by Decarcerate PA
Pennsylvania legislators are trying to stop prisoners from speaking about their ideas and experiences. Pennsylvania Rep. Mike Vereb introduced a bill, HB2533, called the “Revictimization Relief Act,” which would allow victims, district attorneys and the attorney general to sue people who have been convicted of “personal injury” crimes for speaking out publicly if it causes the victim of the crime “mental anguish.”
The bill was written in response to political prisoner Mumia Abu-Jamal’s commencement speech at Goddard College (see video below) and is a clear attempt to silence Mumia and other prisoners and formerly incarcerated people. We believe that this legislation is not actually an attempt to help victims, but a cynical move by legislators to stop people in prison from speaking out against an unjust system.
While to us this seems like a clear violation of the First Amendment, unfortunately the Pennsylvania General Assembly doesn’t agree, and they have fast-tracked the bill for approval and amended another bill, SB508, to include the same language. The legislation could be voted on as early as Wednesday, Oct. 15.
If this bill passes, it will be a huge blow to the movement against mass incarceration. People inside prisons play a leading role in these struggles, and their perspectives, analysis and strategy are essential to our work. Incarcerated and formerly incarcerated people who write books, contribute to newspapers, or even write for our Voices from the Inside section would run the risk of legal consequences just for sharing their ideas.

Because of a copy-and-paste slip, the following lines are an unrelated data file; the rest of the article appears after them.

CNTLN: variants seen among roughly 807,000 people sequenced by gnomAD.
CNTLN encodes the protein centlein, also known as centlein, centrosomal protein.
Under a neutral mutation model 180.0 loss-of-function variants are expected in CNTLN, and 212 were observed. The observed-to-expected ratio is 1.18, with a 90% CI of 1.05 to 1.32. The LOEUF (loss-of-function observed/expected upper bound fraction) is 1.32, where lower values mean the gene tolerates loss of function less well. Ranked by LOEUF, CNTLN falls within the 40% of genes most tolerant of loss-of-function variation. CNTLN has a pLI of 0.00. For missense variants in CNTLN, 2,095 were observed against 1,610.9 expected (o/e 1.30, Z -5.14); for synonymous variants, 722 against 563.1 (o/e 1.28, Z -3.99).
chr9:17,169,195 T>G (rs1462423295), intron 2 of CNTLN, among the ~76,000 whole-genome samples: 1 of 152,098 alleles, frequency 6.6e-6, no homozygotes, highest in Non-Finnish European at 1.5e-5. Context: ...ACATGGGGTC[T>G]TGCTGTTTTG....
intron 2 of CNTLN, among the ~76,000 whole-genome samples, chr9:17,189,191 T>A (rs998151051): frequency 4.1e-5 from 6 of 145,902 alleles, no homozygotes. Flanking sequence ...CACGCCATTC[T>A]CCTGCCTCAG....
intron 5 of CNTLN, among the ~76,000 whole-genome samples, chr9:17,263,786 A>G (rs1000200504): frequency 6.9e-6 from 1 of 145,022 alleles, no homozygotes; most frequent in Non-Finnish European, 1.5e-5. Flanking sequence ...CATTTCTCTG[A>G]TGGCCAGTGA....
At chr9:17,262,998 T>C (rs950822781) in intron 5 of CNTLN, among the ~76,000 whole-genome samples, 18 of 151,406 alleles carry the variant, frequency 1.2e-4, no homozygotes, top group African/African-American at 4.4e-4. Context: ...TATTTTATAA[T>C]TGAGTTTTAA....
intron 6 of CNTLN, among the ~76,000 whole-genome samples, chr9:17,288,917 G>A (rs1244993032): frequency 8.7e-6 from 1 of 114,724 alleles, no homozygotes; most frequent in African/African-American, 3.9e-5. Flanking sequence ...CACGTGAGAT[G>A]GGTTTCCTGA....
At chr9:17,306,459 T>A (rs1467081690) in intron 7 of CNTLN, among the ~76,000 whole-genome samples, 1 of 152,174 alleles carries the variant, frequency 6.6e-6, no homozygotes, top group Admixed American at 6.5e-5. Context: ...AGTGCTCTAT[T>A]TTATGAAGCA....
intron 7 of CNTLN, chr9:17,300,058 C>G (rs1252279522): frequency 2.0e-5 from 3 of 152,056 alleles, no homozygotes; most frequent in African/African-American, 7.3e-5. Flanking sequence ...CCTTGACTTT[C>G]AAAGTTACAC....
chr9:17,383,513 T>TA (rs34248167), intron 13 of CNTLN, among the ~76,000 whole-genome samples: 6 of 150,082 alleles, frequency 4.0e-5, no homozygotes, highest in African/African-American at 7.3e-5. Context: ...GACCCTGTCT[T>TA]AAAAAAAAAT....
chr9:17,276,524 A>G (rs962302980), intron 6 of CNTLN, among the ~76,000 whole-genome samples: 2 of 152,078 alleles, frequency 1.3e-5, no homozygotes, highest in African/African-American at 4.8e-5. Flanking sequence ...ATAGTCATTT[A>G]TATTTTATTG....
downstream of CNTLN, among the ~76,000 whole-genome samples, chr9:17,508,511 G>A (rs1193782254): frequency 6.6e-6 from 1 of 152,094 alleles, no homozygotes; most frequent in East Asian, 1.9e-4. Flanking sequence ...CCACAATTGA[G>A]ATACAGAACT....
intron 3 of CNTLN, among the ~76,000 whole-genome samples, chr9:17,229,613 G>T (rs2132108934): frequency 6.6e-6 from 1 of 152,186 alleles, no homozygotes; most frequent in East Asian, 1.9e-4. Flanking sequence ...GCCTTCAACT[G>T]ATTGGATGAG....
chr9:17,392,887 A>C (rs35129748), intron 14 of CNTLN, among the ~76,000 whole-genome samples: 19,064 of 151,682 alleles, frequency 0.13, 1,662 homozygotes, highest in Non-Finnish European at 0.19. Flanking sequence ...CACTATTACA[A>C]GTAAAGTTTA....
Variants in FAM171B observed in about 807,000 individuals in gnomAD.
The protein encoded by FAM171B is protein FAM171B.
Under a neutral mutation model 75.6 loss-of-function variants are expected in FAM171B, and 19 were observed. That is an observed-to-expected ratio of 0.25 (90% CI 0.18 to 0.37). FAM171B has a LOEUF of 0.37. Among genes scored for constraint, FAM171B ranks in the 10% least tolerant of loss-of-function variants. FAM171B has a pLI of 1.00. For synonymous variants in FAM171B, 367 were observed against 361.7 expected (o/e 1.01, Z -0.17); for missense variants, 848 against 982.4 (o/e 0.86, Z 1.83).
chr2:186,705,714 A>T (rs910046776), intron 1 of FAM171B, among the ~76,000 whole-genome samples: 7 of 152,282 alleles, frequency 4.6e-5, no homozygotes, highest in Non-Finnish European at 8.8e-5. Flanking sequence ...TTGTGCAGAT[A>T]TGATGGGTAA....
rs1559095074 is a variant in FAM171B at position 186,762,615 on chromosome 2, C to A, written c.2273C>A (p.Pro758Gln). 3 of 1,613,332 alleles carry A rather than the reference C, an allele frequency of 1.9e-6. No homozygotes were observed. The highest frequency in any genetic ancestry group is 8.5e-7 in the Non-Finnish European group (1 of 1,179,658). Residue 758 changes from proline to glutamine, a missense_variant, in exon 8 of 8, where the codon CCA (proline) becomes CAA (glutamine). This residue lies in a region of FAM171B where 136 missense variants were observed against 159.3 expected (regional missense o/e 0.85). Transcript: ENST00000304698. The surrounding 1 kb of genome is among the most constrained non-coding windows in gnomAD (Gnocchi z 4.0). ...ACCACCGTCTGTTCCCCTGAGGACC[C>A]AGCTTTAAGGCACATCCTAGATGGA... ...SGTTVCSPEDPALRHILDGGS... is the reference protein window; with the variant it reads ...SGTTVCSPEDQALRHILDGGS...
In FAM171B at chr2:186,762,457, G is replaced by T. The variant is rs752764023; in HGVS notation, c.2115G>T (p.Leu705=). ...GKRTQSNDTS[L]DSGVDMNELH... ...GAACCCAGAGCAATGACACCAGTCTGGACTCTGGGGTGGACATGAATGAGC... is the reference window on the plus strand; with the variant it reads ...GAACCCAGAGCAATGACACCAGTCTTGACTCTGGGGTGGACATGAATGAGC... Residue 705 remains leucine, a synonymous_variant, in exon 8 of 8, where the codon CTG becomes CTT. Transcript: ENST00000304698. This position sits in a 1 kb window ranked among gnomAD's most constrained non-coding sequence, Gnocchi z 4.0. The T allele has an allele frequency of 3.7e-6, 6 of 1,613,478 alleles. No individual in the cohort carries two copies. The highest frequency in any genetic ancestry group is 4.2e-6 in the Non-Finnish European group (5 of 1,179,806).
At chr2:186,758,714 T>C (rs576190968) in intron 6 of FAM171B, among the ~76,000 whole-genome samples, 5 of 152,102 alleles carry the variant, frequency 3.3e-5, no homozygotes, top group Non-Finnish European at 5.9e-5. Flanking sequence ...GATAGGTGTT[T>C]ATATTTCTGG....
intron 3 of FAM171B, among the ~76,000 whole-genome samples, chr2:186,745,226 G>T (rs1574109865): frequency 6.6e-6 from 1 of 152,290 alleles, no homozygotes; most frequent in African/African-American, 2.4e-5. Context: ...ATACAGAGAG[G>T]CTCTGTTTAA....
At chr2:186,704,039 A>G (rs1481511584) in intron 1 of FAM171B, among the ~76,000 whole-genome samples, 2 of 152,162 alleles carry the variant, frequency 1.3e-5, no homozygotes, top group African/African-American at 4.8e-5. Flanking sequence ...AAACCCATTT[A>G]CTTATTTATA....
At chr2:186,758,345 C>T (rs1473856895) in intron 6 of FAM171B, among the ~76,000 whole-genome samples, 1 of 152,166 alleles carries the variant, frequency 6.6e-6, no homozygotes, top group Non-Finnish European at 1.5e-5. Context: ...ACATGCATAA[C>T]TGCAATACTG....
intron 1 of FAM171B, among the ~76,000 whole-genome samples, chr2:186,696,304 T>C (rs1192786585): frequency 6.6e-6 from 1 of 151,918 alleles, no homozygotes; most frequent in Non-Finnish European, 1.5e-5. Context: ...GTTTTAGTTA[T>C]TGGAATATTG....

That’s why we are asking you to take action Tuesday, Oct. 14, by calling Pennsylvania lawmakers to tell them that prisoners should not be denied the right to speak.
If this bill passes, it will be a huge blow to the movement against mass incarceration. People inside prisons play a leading role in these struggles, and their perspectives, analysis and strategy are essential to our work.
Please call Pennsylvania legislators and demand that they vote NO on HB2533 and SB508. You can look up contact information at http://www.legis.state.pa.us/cfdocs/legis/home/findyourlegislator/.
We are also asking folks to call the following Senate leaders and ask them to stop the bill from moving forward:
- Senate Majority Whip Pat Browne, 717-787-1349
- Senate Minority Whip Anthony Williams, 717-787-5970
- Senate Majority Leader Dominic Pileggi, 717-787-4712
- Senate Minority Leader Jay Costa, 717-787-7683
For more information, as well as call scripts and talking points, see http://decarceratepa.info/freespeech.
Please help us spread the word! To help spread the word on Facebook, see https://www.facebook.com/events/720386148042475/.
Decarcerate PA, a grassroots campaign working to end mass incarceration in Pennsylvania, can be reached at DecarceratePA@gmail.com, 267-217-3372 and http://decarceratepa.info/. We demand that PA stop building prisons, reduce the prison population, and reinvest money in our communities.
Why we invited Mumia Abu-Jamal
by Jan Clausen
On Sunday, Oct. 5, Mumia Abu-Jamal, African-American public intellectual and death row survivor, delivered a commencement address to graduates of Goddard College’s low residency bachelor’s program. The students chose their speaker and the speech was pre-recorded, given that Abu-Jamal is serving a sentence of life without parole in Pennsylvania.
Following announcement of the speaker choice, Goddard endured a barrage of scornful press reports, hate-laced phone messages, and social media backlash. Pennsylvania Republican Sen. Pat Toomey pressured the college to rescind its invitation, with police and corrections officials issuing similar calls.